12 predictions for the future of programming

We gaze into our coding crystal ball to find the sure bets and intriguing developments developers should target in the next five years

1 2 3 4 5 Page 2
Page 2 of 5

Future of programming prediction No. 2: Databases will perform increasingly sophisticated analysis

Once programmers ceded control of data to something called a "database," they stopped being "programmers" and started being "database users." This isn't a bad thing. After all, databases are engineered to be more efficient at handling data than anything a normal human programmer can create, especially under tight deadline. They're also (usually) very efficient at using RAM and juggling the memory hierarchy. Dumping numbers into a database and letting the database do its thing is more often than not the most intelligent solution to dealing with data, and it's going to get even more intelligent as the databases themselves get more intelligent with time.

That's because databases of the future are certain to do more than just store numbers. Many database systems already have sophisticated report engines (aka "business intelligence"), and these extras will only become more powerful, enabling databases to run more sophisticated algorithms on tables, search more efficiently for patterns in the data, and do much of the work currently touted by the buzzword "big data."

This power and sophistication will be driven by the cost of moving data around. Simply extracting the information from the database and handing it to a separate "big data" package will become increasingly time consuming and require much more programming. Leaving the data in the database and letting its engine perform the analysis will be much faster because it will limit the overhead of communication, as well as decrease the amount of programming necessary to extract value from the data store.

Future of programming prediction No. 3: JavaScript for everything

No, JavaScript won't be the only language in the programming world, especially given the surprising number of ads for Cobol programmers still being filed, but it will certainly begin to seem that way. JavaScript is inescapable on the browser, which now dominates almost everything a client computer does. Now the server side is embracing it with tools like Node.js.

JavaScript will assuredly become more dominant in other areas as well. Once the only way into a smartphone was to write code in the native language demanded by the manufacturer: Objective-C for the iPhone; Java for Android; C# for Microsoft. Now most mobile developers can get the performance they want out of HTML5 applications running in browserlike views. The result may not be as zippy as native code, but the JavaScript is good enough and portable to the Web, too.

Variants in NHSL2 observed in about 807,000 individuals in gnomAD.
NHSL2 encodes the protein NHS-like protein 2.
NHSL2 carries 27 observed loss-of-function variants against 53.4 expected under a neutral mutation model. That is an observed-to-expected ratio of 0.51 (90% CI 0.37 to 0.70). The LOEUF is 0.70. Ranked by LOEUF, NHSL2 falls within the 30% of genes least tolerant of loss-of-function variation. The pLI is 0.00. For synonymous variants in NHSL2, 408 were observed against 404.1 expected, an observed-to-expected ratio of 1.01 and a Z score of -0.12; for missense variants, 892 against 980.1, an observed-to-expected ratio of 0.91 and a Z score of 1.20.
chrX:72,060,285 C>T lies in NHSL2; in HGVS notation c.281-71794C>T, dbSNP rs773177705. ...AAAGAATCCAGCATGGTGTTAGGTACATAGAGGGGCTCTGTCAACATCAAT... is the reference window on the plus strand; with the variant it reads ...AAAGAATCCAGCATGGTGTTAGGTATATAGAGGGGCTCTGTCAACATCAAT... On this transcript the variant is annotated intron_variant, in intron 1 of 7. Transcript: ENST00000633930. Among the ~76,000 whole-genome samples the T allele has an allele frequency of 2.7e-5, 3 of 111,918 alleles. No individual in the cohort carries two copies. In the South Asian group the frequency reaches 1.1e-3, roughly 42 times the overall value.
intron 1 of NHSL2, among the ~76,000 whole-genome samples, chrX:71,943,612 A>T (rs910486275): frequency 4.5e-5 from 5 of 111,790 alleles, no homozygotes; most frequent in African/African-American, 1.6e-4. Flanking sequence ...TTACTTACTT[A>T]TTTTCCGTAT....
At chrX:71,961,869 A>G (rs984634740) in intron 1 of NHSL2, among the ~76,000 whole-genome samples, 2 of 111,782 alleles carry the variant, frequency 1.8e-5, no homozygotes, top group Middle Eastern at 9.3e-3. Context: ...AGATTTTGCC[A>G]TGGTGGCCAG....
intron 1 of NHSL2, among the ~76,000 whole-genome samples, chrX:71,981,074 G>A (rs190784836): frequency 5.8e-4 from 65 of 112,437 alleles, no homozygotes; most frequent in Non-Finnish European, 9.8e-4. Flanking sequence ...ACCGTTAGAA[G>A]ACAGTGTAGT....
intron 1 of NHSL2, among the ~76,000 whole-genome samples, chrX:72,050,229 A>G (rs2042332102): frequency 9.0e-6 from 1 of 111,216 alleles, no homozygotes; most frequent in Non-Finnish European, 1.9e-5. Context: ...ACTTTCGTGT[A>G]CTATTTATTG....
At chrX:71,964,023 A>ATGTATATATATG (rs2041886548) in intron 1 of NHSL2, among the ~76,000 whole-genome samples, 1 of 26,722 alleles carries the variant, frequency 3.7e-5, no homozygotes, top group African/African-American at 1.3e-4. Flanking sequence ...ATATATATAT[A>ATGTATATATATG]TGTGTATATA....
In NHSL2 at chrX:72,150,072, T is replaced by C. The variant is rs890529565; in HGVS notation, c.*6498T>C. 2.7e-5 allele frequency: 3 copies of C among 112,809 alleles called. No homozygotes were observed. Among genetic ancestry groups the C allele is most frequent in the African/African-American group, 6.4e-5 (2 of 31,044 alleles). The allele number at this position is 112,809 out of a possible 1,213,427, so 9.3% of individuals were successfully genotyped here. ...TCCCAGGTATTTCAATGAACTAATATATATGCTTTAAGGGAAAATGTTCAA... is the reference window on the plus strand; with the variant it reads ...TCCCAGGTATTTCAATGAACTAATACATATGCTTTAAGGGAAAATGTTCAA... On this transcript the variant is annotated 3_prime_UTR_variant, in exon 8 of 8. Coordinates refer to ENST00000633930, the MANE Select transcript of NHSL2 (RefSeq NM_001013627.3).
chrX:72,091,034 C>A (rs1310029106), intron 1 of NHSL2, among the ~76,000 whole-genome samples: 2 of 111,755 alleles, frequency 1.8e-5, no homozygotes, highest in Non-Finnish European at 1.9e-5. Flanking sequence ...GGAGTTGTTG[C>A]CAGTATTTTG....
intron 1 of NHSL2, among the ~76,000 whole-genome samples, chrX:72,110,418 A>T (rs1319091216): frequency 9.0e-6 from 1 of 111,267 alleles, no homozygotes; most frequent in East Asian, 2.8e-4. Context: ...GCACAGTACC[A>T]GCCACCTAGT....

The browser isn't just colonizing phones; it's eating entire platforms. Chrome OS and Chromebooks are making regular operating systems obsolete. Why worry about that layer when JavaScript and the browser can do everything?

The mainframe will have Cobol. Biologists will probably stick with Python. Linux will be written in C. But almost everything else is fair game as JavaScript gobbles the world.

Future of programming prediction No. 4: Android on every device

When the browser doesn't win, Android is close behind. Camera designers, threatened by cellphones with good lenses, started putting Android on cameras, so now you can run Instagram on a Nikon. Does that make Nikon a computer company now? Does it even matter?

There are Android refrigerators, car stereos, watches, televisions, even headphones. Some complain that the UI is too complicated because it can do too much, but that's missing the point. The UI layer can always be simplified. If Android is running underneath, the platform will dominate.

It's going to get even more complicated. PC manufacturers are looking at the burgeoning tablet world and feeling left out. Their solution is to run Android on Windows and let people use their Android apps on their desktops, too. Some just run the stock Android emulators used by programmers, but others are looking beyond that to create brands like "PC Plus." Once Android takes over the PC, it may combine with the browser to push Windows native apps into a distant third place for mindshare on the box.

1 2 3 4 5 Page 2
Page 2 of 5
How to choose a low-code development platform